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SB3012: Hawaii among last states to require safety checks

The following testimony was submitted by the Grassroot Institute of Hawaii for consideration by the Senate Committee on Transportation and Culture and the Arts on Feb. 8, 2024.
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Feb. 8,  2024, 3:10 p.m.
Hawaii State Capitol
Conference Room 224 and Videoconference

To: Senate Committee on Transportation and Culture and the Arts
      Sen. Chris Lee, Chair
      Sen. Lorraine R. Inouye, Vice-Chair

  From: Grassroot Institute of Hawaii
             Ted Kefalas, Director of Strategic Campaigns

RE: TESTIMONY IN SUPPORT OF SB3012 — RELATING TO MOTOR VEHICLE SAFETY INSPECTIONS

Aloha Chair Lee, Vice-Char Inouye and Committee Members,

The Grassroot Institute of Hawaii would like to offer its comments in support of SB3012, which would extend the period of time before a vehicle safety inspection is required by law from 12 months to 24 months for most vehicles and to three years for new vehicles and motorcycles.

Current law already allows two years before the first safety inspection for new vehicles.[1] This bill would extend that grace period for new vehicles to three years.

For other vehicles covered by subsection “b” of  Section 286-26 of the Hawaii Revised Statutes, the grace period between inspections would be extended from one year to two years — except for motorcycles, which would be extended from one year to three years.

As SB3012 states, existing vehicle inspection laws are a burden and expense for Hawaii residents, especially on low-income families who must pay for car inspections every year.

The bill further notes that across the country, only 15 states require safety inspections every year.[2]

As for safety, the bill notes that mechanical failures are the cause of 3% of accidents nationwide,[3] but a study on the end of vehicle inspections in New Jersey found that “vehicle safety inspections do not represent an efficient use of government funds, and do not appear to have any significantly mitigating effect on the role of car failure in traffic accidents.”[4]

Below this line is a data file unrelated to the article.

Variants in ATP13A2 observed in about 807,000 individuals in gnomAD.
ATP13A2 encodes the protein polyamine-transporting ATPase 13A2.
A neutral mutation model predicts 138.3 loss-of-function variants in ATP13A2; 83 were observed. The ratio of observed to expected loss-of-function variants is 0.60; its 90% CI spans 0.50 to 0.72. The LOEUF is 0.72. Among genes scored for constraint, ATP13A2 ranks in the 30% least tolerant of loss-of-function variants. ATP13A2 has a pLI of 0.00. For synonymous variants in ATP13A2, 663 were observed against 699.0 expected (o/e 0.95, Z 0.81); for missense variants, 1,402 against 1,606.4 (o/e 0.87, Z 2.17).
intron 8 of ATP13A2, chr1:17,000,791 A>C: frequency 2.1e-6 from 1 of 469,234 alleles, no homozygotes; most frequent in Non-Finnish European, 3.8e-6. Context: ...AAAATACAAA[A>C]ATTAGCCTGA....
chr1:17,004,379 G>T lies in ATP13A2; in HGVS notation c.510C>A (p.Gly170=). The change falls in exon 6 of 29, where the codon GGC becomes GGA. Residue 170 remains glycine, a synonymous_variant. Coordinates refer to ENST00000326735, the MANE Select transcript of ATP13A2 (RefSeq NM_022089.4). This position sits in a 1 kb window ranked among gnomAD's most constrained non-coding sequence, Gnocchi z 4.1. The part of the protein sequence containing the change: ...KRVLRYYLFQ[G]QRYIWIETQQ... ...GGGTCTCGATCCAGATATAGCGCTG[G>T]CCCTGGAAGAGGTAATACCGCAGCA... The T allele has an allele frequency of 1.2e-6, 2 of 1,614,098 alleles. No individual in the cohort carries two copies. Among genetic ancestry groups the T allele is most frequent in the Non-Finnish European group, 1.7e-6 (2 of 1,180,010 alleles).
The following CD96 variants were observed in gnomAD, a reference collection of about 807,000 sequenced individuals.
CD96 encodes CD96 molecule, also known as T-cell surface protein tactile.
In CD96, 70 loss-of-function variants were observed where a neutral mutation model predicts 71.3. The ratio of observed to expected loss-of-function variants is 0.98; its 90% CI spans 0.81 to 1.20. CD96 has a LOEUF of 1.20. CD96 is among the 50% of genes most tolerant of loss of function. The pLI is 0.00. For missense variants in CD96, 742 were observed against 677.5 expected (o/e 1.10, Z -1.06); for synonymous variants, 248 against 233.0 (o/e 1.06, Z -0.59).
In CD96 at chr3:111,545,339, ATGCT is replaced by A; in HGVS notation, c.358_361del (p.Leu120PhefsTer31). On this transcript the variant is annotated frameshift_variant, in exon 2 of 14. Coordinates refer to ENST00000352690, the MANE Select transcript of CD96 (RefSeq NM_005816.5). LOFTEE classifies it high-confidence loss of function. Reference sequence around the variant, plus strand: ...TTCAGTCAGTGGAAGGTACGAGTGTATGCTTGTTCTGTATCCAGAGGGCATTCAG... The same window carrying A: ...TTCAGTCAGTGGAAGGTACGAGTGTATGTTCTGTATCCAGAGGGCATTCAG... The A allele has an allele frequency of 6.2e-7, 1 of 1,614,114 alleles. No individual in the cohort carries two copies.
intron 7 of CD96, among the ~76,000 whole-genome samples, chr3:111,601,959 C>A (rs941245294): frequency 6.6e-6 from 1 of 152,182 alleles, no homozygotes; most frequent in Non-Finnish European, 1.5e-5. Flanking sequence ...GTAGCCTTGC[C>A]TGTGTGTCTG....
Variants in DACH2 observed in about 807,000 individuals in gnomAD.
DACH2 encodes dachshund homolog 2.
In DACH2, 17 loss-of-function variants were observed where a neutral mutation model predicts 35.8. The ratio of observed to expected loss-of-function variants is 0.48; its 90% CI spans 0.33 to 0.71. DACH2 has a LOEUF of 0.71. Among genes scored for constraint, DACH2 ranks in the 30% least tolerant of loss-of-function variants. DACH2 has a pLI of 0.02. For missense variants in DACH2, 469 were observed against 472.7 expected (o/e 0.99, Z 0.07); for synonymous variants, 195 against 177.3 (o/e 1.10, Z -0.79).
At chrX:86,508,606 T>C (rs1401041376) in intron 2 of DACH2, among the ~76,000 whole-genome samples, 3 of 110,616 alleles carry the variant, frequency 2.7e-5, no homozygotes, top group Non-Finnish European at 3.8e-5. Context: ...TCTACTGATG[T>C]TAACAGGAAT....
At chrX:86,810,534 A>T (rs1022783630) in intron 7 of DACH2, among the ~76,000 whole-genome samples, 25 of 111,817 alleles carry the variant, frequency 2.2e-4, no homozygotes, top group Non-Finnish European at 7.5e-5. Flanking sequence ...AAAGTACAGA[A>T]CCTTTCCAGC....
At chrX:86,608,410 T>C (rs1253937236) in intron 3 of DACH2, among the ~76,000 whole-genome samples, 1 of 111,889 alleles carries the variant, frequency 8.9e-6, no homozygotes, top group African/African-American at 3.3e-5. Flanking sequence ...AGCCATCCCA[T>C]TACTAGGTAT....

Hawaii’s Legislative Reference Bureau studied the issue in 1995 and concluded: “There is no conclusive evidence to indicate that the State’s periodic motor vehicle inspection program either is or is not achieving its desired outcome.”[5]

In 2019, the state Senate passed Senate Resolution 14, which directed the state Department of Transportation to conduct its own study of mandatory inspections. To our knowledge, this report was never conducted — or at least never publicly released — since it is not posted to the department’s website.[6]

In general, SB3012 recognizes the need to create smart regulations instead of overly broad mandates. We commend the introducers and sponsors for introducing this measure and furthering the discussion on vehicle safety checks.

Thank you for the opportunity to testify.

Ted Kefalas
Director of Strategic Campaigns
Grassroot Institute of Hawaii
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[1] “§286-26  Certificates of inspection,” Hawaii Revised Statutes.
[2] Christina Walsh, “Why Do Some States In the USA Have Vehicle Safety Inspections?” VINSmart, Nov. 8, 2021.
[3]  Alex Hoagland and Trevor Woolley, “It’s No Accident: Evaluating the Effectiveness of Vehicle Safety Inspections,” Contemporary Economic Policy, 2018, p. 14.
[4] Ibid.
[5] Keith Fukumoto, “Periodic Motor Vehicle Inspection in Hawaii: A Study of Selected Issues,” Legislative Reference Bureau, Report No. 7, 1995, p. 45.
[6] See “Reports to the Legislature,” Hawaii Department of Transportation, accessed Feb. 6, 2024.

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